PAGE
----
During Hancock Whitney Founders Month, we continue our founders’ legacy of empowering people through financial education to become responsible citizens that will build prosperous futures for our communities. But, a focus on financial education isn’t regulated to October; financial education is important to us every day. Schools, churches, business and civic clubs, Junior Achievement, chambers of commerce, rehabilitation and recovery agencies, and other organizations engage our associates to help young and old alike learn the value of good financial habits at every stage of life.
This Founders Month, we are letting some of our associates share why teaching financial education is important to them.
I have always had a passion for sharing financial education with others especially students and I feel the most important financial education topic for audiences to learn about is the importance of saving and having an active savings account. I really feel this is the first step for someone looking to achieve financial freedom. Several years ago I was involved in a mentoring program called Bridges to Circles where adults from different organizations and walks of life served as allies for people living in poverty who had a desire to improve their lives. I saw an amazing transformation in many of the individuals who participated. Participants who were overwhelmed by their circumstances in the beginning walked with their heads held high at graduation. Because of the support provided, including financial education, many had opened checking and savings accounts at local financial institutions, found stable employment, and one couple even closed on a new home. This experience had a positive impact on my life by reinforcing to me how important financial education is.
- Brenda Parker, Panama City, Florida
From the time I started my career in banking, financial education has always been important to me. I have worked with many organizations and individuals over my 29-year career. I’ve taught at high schools, universities and businesses. One particular story stands out—a student from Xavier University came to me after one of my classes. We talked about credit and how to build it. During his four years at Xavier, he opened a secured credit card and several CD secured loans. He financed a car by himself in his senior year. Eventually, I referred him to my mortgage originator. I was able to be a part of his life because I helped him build his credit. I was there when he bought his first car. I was there when he bought his home. It is an amazing feeling to positively affect someone’s life like that.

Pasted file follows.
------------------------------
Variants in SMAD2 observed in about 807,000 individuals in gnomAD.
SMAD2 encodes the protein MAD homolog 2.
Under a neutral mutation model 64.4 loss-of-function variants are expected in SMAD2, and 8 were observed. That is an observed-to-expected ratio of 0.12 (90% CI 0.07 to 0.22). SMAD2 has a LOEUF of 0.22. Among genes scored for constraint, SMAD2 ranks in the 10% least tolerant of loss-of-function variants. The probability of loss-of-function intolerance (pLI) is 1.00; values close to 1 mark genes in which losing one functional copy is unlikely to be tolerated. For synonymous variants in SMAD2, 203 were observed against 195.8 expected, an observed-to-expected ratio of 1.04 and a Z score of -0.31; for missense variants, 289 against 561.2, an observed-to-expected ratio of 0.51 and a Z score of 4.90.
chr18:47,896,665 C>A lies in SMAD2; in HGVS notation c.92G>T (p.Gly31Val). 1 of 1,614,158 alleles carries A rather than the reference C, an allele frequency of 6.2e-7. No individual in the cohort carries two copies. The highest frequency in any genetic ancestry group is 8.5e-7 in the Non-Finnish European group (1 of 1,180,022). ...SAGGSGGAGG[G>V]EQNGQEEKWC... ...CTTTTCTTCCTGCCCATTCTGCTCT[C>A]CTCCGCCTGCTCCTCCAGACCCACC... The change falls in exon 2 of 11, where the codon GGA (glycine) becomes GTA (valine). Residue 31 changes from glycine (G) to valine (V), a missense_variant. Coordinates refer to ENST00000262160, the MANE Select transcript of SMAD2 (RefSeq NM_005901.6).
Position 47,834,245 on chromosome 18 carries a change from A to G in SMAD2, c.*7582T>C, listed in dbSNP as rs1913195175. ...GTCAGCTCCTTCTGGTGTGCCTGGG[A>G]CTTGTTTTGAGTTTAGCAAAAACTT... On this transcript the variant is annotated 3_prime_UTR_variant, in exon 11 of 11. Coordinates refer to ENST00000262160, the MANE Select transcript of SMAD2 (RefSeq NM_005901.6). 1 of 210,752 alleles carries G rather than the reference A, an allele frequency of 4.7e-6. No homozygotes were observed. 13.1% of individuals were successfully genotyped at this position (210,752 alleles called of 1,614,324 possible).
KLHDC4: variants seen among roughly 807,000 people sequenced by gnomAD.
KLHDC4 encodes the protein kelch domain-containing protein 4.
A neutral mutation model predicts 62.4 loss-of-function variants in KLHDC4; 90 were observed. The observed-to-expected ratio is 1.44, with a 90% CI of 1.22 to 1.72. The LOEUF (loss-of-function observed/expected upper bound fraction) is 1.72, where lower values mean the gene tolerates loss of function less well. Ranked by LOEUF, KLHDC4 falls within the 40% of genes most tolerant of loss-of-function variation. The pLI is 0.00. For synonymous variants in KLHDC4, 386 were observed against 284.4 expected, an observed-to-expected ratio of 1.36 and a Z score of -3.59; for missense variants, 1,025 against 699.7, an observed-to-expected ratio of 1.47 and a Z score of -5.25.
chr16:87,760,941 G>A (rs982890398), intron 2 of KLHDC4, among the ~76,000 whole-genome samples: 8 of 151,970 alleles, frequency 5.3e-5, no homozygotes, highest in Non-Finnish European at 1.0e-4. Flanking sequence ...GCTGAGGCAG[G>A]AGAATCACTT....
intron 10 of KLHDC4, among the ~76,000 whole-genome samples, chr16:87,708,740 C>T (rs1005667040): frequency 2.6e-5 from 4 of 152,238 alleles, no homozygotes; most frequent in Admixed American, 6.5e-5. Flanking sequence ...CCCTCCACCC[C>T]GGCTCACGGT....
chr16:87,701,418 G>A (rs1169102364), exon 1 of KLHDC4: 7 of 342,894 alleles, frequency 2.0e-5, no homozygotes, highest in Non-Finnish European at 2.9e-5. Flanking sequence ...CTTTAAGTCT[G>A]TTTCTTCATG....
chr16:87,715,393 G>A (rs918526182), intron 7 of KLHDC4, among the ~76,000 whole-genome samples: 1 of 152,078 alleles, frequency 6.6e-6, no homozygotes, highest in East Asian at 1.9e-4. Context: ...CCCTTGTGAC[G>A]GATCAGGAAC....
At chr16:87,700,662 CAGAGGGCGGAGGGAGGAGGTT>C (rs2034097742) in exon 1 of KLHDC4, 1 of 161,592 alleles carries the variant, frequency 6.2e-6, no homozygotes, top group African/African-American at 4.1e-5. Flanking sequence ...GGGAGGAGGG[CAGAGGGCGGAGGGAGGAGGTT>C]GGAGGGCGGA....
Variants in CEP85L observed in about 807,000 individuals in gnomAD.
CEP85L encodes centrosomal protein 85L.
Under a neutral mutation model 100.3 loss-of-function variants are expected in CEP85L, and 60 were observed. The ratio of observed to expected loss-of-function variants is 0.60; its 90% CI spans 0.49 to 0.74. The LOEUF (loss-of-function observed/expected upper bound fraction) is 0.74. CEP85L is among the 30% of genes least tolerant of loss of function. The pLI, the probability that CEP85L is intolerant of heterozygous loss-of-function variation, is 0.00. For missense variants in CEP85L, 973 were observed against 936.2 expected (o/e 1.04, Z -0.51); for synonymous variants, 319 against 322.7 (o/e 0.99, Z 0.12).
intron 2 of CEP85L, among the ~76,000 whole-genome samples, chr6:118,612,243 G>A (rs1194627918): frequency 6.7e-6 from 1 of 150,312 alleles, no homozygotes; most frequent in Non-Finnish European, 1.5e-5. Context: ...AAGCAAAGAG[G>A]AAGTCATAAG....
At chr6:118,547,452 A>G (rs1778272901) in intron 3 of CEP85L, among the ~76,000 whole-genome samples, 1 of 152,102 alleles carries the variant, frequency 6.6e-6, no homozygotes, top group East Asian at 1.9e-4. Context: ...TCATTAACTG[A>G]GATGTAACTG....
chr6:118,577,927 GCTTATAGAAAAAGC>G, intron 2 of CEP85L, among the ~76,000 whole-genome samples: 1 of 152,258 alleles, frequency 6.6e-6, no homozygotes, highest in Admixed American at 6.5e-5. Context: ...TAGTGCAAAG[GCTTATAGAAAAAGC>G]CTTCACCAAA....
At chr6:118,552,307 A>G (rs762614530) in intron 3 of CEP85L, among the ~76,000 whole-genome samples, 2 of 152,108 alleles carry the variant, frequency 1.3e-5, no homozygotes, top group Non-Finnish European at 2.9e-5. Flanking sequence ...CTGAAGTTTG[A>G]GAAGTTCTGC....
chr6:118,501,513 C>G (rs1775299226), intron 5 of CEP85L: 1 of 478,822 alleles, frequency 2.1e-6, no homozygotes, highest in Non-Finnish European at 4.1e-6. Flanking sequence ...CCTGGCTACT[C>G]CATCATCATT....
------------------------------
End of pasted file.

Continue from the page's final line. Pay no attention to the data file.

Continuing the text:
- Bryant Buttone, Franklinton, Louisiana
Teaching financial education is important to me because it allows me the chance to help prepare kids and adults with a good financial future. It also gives me the opportunity to help, even in a small part, break the lack of financial knowledge for the next generation. My favorite organization to teach financial education to is LiftFund—I’ve been involved with them for over 10 years. They help not only the youth through affiliate programs but also adults who are trying to live their dreams by starting a business.
- Randall Rojas, Houston, Texas
Teaching financial education is important to me because it helps educate future customers on financial matters. I have been involved with the Washington Parish School system for four years and I believe teaching at the schools gives the kids a head start on learning how to save. It also may not be a topic they have a chance to be taught at home. One of my favorite parts is at the end of our presentations, we give the kids a piggy bank. We tell them when it gets filled up to let their parents know to visit the bank to open a savings account with the funds that have been saved.
- Rhonda Penton, Bogalusa, Louisiana